A handful of residents hang on in this village that once had a population of 1500. Apart from the impressive courthouse, the only remaining evidence of its boom times is a mullock heap and three fenced-off sections containing 2m-square shafts dropping up to 100m to Boxing Reef.
2. NORTH BRITISH MINE, MALDON
The site reeks of abandonment. Stones and bricks litter an area degraded by mining, along with crumbling cyanide tanks, buildings and some of the largest surviving quartz kilns in Victoria.
3. BLACK HILL, BALLARAT
Be alert as you descend to the face of the open-cut mine, because daredevils zoom past at this mountain-bike park. Open-cut mining began in the late 1850s, and rehabilitation began in 1913 when schoolchildren planted trees.
4. CENTRAL DEBORAH MINE, BENDIGO
This mine was left intact when operations ceased in 1954; it opened for tours in 1971. Explore the honeycomb of tunnels 61m below the surface.
5. VICTORIA HILLS DIGGINGS, BENDIGO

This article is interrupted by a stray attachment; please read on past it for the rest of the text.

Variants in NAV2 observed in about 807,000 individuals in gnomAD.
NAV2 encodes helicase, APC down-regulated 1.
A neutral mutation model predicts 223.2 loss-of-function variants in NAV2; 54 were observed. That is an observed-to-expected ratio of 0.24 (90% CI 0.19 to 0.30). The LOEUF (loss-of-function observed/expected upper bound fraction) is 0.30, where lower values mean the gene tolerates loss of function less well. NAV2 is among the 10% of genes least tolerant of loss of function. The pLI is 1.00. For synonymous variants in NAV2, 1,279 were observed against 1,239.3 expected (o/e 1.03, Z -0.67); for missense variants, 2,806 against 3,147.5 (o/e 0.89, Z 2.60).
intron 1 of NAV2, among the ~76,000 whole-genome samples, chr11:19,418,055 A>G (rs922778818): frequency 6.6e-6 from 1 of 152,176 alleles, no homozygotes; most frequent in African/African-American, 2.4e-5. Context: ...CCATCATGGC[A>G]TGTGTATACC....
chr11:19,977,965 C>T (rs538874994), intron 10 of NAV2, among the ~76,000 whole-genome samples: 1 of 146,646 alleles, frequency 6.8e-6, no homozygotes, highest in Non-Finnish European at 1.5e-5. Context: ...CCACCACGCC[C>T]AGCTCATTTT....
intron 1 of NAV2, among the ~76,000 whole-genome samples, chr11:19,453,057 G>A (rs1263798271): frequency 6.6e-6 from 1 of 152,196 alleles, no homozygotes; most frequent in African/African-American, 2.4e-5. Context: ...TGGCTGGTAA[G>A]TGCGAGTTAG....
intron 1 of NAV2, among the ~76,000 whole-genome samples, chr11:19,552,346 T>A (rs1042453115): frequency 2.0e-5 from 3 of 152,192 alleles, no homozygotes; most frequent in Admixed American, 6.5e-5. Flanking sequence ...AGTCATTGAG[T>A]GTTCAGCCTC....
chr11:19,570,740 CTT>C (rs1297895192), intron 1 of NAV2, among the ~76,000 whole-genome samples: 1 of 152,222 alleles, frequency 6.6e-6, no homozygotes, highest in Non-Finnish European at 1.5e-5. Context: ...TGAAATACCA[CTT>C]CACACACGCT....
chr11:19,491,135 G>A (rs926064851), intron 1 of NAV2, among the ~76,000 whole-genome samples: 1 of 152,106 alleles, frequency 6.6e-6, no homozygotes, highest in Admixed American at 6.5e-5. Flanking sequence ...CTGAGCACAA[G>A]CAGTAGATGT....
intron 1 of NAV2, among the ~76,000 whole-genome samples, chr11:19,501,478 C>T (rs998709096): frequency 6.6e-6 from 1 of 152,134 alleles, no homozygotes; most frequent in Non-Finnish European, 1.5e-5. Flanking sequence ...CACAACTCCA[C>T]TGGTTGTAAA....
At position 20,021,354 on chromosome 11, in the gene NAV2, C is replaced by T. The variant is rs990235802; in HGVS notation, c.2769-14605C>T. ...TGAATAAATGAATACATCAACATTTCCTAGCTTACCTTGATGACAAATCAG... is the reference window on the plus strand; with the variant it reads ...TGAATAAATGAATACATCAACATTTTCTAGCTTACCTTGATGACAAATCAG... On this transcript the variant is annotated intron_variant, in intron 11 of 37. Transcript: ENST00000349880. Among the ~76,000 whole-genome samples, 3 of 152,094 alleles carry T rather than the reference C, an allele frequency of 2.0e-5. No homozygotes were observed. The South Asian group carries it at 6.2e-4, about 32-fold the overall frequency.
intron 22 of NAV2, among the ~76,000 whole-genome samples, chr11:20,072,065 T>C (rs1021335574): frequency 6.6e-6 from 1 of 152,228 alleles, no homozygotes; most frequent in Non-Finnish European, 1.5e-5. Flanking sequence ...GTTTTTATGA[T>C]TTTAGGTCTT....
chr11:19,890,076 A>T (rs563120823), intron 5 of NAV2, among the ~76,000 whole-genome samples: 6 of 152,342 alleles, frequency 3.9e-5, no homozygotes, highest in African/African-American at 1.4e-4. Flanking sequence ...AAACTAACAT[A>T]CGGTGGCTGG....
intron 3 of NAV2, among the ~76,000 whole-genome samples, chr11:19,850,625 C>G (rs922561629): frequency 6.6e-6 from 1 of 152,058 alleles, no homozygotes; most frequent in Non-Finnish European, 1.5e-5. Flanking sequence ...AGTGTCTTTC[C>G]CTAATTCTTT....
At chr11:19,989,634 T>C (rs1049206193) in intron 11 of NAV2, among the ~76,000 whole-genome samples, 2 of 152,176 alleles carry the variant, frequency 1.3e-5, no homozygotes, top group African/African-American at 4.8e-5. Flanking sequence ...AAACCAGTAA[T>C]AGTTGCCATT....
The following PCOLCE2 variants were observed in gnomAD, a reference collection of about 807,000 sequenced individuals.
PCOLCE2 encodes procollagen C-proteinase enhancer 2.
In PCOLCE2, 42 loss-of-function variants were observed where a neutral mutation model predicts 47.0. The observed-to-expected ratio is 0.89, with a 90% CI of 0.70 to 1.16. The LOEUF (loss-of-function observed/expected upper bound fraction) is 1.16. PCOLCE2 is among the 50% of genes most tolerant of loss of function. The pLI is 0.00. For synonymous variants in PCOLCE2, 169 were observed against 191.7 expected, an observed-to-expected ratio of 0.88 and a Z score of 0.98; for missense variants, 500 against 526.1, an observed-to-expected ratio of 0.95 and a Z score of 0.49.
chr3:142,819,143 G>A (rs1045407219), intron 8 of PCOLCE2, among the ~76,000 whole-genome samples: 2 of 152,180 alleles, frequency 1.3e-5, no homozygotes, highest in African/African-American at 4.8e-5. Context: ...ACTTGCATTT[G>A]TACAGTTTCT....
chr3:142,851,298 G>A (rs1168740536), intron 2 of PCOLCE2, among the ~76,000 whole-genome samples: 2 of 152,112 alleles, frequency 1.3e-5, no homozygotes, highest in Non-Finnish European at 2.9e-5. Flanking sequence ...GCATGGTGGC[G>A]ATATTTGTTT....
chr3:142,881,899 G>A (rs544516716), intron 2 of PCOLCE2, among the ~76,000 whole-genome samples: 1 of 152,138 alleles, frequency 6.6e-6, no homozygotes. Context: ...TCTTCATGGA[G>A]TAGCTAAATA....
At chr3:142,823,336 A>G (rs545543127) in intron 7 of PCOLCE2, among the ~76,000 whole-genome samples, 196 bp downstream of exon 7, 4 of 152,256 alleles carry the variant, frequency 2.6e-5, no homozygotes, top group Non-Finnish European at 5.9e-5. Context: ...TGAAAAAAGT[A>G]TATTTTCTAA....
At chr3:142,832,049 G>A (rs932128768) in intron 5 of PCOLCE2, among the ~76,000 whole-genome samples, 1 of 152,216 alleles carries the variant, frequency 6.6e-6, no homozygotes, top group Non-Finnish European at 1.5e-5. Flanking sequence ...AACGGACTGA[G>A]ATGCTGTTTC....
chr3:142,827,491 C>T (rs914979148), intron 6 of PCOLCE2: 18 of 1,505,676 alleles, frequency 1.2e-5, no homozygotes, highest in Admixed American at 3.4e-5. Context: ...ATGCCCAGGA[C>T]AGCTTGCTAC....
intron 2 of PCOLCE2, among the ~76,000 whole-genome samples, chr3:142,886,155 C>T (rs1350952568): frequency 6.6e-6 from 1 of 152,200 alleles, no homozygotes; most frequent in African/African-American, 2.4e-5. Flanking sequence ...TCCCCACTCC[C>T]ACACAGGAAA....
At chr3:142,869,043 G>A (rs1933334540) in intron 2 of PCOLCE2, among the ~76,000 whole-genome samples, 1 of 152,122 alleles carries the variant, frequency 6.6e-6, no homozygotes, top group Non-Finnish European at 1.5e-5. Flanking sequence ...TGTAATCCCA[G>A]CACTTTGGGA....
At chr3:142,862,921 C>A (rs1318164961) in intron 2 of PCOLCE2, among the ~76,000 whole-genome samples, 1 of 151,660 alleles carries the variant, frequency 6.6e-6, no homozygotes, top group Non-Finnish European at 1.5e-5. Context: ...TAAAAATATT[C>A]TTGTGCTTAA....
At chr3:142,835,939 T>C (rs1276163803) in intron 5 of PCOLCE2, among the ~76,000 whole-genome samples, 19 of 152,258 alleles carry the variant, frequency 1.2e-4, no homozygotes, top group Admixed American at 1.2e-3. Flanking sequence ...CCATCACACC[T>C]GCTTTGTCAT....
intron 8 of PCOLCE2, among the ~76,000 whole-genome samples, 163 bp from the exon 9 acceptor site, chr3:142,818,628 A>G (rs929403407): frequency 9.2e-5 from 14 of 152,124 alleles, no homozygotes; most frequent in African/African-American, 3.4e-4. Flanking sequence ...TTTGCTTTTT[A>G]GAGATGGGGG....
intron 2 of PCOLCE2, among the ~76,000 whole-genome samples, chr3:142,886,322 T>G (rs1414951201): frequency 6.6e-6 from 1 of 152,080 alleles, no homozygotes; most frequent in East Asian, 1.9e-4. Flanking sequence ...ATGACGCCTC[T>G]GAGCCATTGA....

Here in 1910, Victoria Quartz Company’s shaft reached 1406m, the world’s deepest at the time. Today, the poppet
head serves as a lookout.
6. RED KNOB MINE, VAUGHAN
In the mid 20th century, dramatic cliffs were created when hillsides were blasted away in a mining technique called ‘hydraulic sluicing’ which used high pressure jets of water to break away large areas of earth, washing it down into a sluice box where gold was trapped.
7. EUREKA REEF, CHEWTON
The 21 points on the heritage walk are ecletic. The Victorian Heritage Database cites the tailings, tanks, chimneys, tunnels, ruins and shafts as the best surviving examples of early quartz-mining technology and settlement in Victoria.
8. FOREST CREEK HISTORIC GOLD DIGGINGS, CASTLEMAINE
Victoria’s gold rush started in earnest here, with easy access to alluvial gold. The most intriguing relic is a water cannon that would fire 10,000 gallons a minute to extract ore from the hillside.
9. GARFIELD WATER WHEEL, CHEWTON
The bush has reclaimed most of Garfield Gold Company’s site. All that remains of its 22m-diameter water wheel is its massive stone supports.
10. PINK CLIFFS, HEATHCOTE
This is a stark example of the technique of hydraulic sluicing – water-blasting the ground to capture any gold in the sluice box – and the drastic effect it has on the landscape.
Abandoned gold mines of Central Victoria. Image credit: Noah Thompson
For more information visit Goldfields Guide.